I have fond memories of going to the vending machine during 3rd period study hall and spending $1 for my ritual of strawberry Pop Tarts. I rarely ate breakfast at home because it was way too early for my stomach to take anything more solid than a glass of milk. If I had breakfast too early, I would end up feeling nauseous for the first few hours of the day. I didn’t quite like feeling nauseous at school, so I opted out of breakfast at home and had something later in the morning. My breakfast of choice? Those lovely “pastries,” not really in need of toasting, filled with fruit and high fructose corn syrup and iced with some mixture of high fructose corn syrup and colored sugar sprinkles. Every now and then I’ll crave one not for satiating hunger alone, but a bit of nostalgia to boot. It’s the same type of craving I get for McDonald’s cheeseburgers.
These are ridiculously easy to put together. The simplest form is to take your favorite pie crust, roll it out, cut out rectangles and fill with your favorite jam. I was going to do just that, but I wanted a crust that may be a little stronger than the typical butter/flour/sugar/salt/water combination. I looked to the King Arthur Flour site (as I have been more-so lately) and found a recipe for their “Toaster Tarts.” The dough has the addition of milk and egg, which I think makes the pastry tastier and richer (if that’s possible with all of that buttah).
Homemade Toaster Pastries (with a crust from King Arthur Flour)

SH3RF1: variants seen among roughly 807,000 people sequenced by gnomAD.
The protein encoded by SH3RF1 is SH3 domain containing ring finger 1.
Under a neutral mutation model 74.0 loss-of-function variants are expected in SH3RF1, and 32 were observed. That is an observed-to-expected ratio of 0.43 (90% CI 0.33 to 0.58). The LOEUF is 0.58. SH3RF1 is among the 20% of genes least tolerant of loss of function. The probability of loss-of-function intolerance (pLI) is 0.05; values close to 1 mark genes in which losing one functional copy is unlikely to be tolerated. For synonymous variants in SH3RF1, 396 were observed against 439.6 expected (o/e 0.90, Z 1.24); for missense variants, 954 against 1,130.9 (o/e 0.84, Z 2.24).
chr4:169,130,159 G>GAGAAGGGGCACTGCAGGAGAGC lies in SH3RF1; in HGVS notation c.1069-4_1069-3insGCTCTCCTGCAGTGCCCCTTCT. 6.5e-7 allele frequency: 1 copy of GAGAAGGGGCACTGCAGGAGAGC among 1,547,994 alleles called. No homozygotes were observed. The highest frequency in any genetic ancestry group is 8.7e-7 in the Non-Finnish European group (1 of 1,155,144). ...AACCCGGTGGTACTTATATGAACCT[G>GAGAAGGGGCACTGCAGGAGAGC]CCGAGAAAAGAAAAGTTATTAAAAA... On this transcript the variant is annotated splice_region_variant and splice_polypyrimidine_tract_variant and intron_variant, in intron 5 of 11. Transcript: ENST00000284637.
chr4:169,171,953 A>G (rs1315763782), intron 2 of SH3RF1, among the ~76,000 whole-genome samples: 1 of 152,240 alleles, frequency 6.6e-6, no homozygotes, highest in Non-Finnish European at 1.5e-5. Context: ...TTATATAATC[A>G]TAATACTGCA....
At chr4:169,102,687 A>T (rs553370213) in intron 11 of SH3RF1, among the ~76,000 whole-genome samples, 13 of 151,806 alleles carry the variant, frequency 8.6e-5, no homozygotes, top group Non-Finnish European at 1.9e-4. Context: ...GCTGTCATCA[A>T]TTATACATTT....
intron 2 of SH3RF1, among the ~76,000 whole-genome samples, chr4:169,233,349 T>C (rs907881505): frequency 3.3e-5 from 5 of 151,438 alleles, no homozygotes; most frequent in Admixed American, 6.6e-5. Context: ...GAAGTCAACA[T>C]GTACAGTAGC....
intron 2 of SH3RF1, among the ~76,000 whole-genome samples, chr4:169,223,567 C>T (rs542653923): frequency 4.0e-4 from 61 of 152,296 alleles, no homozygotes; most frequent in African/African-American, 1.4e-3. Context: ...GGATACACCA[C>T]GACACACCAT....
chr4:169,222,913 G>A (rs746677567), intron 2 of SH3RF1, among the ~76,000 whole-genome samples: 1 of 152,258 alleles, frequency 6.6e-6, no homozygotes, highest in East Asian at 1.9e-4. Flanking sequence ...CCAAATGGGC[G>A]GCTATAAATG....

- 2 cups all-purpose flour
- 1 tbsp sugar
- 1 tsp salt
- 1 cup unsalted butter, cut up (omit salt if you are using salted butter)
- 1 egg
- 2 tbsp of milk
- fruit preserves or jam (I had a surplus of strawberries and made my own. Some time later in the fall I’ll do a post on quick fruit preserves.)
First, mix your dry, powdery ingredients.
Next, cut up your cold butter into small chunks and add it to your dry mixture, cutting/mixing with a pastry blender/two knives/a spatula/your hands until it looks like unsifted gravel or sand.
In a separate bowl, mix together the egg and milk, then add to the mixture, stirring until just combined.
Divide the dough into two discs and wrap in plastic wrap. Put these in the fridge for at least 30 minutes. Well, really, it depends on how warm your kitchen is. Mine is very warm, somewhere around 80 degrees (Fahrenheit) during the day, sometimes warmer. I had to keep putting the dough in the fridge after working with it for about 5 minutes so I wouldn’t go insane.
When the dough is cool and stiff enough to work with, roll it out to about 1/8 in thickness.
Cut into rectangles. Make them however small or large you want, just make sure you cut an even number of rectangles so the bottoms have tops.
Fill! I wouldn’t do more than a tablespoon.
Top with a similarly sized rectangle and seal the edges with a fork and prick holes on the top. This ensures the steam can escape while they bake. Put these in the fridge for about half an hour so the dough firms up a bit.
Bake at 350 until golden brown, which took about 30 minutes for my oven. Be sure to let them cool before you bite into them. The filling will most likely be molten.
If you like, make a glaze of powdered sugar and milk or water to frost ‘em.
I didn’t get to that point. I shared them with my mom and my husband and they were gone in a day.